Finding the balance with personalization

Hand with rainbow light shining on it

As customer experience and expectations evolve alongside the growing digitalization, digital personalization has transformed from a nice-to-have feature into an essential element of positive digital experiences.

From targeted ads to strategies like account-based marketing, personalization pervades every step of our digital journeys. However, as demand for personalized experiences grows, so does users’ awareness of how their privacy is treated online, which is being accompanied by a surge in important updates to privacy regulations worldwide.

In this peculiar landscape, it thus becomes essential to provide heartfelt personalized experiences, while at the same time taking care to respect your customers’ privacy and avoid strategies that come off as creepy. This article will take a look at how to achieve this balance by going through some essential dos and don'ts of personalization.  


Doing it right

First we’ll look at some tips and examples of personalization done right. Remember that, since personalization is all about maintaining balance, some of these approaches can actually have detrimental effects if you overdo them.


Use first names and personal pronouns

This is the number one rule of personalization which predates data-driven and/or highly automated digital approaches. Using your customer’s first name is the quickest way to establish a personal connection. 

Where it makes sense, you should also opt for the use of personal pronouns over words like “customers” (e.g. instead of “all our customers get free delivery” say “you’ll get free delivery”).

Depending on your business/industry, you may want to be more formal and use the person’s last name together with a title such as Mr/Ms/Mrs. However, this can pose challenges when you’re not aware of their status or preferred gender, or an appropriate title doesn’t exist for the gender that they identify with.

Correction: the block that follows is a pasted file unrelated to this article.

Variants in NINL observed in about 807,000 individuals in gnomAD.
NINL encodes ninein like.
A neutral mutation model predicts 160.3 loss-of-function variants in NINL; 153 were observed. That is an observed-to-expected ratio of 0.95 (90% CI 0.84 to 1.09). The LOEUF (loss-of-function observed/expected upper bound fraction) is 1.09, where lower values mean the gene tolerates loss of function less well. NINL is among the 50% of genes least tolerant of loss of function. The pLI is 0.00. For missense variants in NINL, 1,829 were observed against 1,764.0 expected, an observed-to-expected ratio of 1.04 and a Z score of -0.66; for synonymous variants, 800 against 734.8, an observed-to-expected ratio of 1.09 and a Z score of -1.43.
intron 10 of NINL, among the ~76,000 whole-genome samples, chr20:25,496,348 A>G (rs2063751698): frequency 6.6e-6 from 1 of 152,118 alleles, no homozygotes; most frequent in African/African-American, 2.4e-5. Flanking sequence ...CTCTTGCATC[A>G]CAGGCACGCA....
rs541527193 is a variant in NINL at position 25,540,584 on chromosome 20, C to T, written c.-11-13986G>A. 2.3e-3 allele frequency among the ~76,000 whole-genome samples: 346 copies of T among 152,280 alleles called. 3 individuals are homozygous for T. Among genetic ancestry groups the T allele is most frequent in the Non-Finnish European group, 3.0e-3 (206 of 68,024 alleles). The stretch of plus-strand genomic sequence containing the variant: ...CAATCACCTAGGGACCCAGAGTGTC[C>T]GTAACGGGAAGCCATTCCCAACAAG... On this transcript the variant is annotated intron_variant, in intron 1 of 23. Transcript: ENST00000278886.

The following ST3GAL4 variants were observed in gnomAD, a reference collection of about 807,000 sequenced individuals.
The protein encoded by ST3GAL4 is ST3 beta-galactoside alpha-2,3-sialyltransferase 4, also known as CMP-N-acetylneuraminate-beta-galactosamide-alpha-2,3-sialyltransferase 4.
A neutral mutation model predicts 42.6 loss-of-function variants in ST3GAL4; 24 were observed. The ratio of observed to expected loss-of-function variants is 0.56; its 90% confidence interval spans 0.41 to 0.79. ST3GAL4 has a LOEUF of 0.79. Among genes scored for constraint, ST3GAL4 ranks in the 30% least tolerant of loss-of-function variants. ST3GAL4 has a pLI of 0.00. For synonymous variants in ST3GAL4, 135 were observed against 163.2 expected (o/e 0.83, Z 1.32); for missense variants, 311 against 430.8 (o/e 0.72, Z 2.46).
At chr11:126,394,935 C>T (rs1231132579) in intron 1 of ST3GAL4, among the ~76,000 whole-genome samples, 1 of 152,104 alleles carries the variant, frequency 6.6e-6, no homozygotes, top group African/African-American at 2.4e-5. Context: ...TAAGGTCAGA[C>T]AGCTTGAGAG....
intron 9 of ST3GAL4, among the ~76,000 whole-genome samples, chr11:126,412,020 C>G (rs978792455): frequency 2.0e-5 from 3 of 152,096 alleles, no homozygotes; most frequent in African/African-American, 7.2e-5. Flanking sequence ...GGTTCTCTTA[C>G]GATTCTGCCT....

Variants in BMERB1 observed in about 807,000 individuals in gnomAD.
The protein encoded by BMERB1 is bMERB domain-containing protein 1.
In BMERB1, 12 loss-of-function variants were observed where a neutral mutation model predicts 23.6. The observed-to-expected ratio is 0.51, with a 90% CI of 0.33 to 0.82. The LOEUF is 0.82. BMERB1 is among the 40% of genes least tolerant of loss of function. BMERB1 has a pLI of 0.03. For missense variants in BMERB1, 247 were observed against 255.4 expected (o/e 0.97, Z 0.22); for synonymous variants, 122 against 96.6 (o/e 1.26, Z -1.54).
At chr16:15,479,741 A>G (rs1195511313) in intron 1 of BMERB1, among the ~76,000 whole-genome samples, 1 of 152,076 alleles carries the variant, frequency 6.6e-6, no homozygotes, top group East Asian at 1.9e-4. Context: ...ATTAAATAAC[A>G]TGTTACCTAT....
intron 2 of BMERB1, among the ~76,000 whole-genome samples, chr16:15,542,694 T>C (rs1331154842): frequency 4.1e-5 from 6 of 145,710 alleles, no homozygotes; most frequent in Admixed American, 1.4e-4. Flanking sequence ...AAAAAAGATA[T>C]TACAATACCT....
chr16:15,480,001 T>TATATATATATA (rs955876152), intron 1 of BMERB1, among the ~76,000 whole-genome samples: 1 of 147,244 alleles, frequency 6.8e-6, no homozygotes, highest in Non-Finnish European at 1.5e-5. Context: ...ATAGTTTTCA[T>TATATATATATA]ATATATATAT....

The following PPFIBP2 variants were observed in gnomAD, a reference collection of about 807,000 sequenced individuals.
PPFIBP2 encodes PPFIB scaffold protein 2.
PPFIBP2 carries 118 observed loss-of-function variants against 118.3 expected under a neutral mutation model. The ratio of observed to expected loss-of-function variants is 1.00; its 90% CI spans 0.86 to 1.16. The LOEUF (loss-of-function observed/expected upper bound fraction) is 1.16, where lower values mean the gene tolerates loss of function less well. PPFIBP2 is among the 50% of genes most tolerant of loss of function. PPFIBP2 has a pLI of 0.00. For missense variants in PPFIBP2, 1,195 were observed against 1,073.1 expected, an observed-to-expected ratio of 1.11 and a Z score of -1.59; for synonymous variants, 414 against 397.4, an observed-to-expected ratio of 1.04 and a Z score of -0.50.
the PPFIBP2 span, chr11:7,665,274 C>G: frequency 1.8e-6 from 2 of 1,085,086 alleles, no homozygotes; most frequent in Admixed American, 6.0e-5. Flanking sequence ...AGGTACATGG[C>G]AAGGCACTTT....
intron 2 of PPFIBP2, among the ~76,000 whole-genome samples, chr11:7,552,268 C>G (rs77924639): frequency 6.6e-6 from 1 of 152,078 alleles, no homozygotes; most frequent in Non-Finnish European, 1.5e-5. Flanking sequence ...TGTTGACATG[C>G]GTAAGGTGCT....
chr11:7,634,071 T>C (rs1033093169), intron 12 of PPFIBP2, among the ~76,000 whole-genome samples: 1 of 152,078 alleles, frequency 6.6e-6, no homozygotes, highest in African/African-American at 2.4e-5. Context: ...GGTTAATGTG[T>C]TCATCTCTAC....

One thing to note is that, with the rise of highly personalized experiences, this has now become an essential part of personalization that all customers expect. You’ll need to do some extra work to differentiate your brand from all the others and truly resonate with the customer.

Another important thing to keep in mind: don’t use a customer’s / prospect’s name if it’s not clear or logical how you know it. On a similar note, don’t overuse their name, as this may come off as very disingenuous, especially when combined with some other “creepier” personalization tactics which we’ll discuss in the other part of this article.


Provide personalized content based on user preferences

These types of digital experiences are extremely popular and are a great example of the value of personalization. This is any type of platform that offers content recommendations based on previously accessed content and/or preferences set on first interaction. 

The best known examples are streaming services, such as YouTube, Netflix and Spotify, and e-commerce websites such as Amazon. Platforms such as Netflix and music streaming services go even further, by allowing users to create their own playlists rather than just rely on recommendations made by algorithms which are purely data-based.

Social media platforms also offer a lot of personalization (i.e. personalized feeds), but in the past years, digital users have become more aware of how these platforms (mis)treat their data and are increasingly seen as creepy. We provide more detailed insights on these topics in our podcast episode with Josh Forte of Comporium.

One of the best things about this type of personalization is that it’s almost entirely based on first-party data, and data which is most often willingly shared by the user since it is completely transparent how it will be used and how they’ll benefit from it.


Offer self-personalization features/promotions

A neat feature of user-centered design is the rise of services that allow users/customers to personalize their own experiences how they see fit. This can include customizing accessibility features of a website via the Civic accessibility toolbar, which can be especially useful in case of temporary disabilities where you might want to adjust your settings.

On the other, far end of the spectrum, we’re seeing the ability to personalize the actual product you buy, through a kind of combination of physical and digital personalization. 

Great examples of this are personalized children’s books designed by the parents themselves via a website, similarly designed gifts, e.g. for staff or business partners, or even custom-built products such as a computer or a musical instrument with custom features or components which the customer can select and combine by choice.


Be mindful of the customer’s context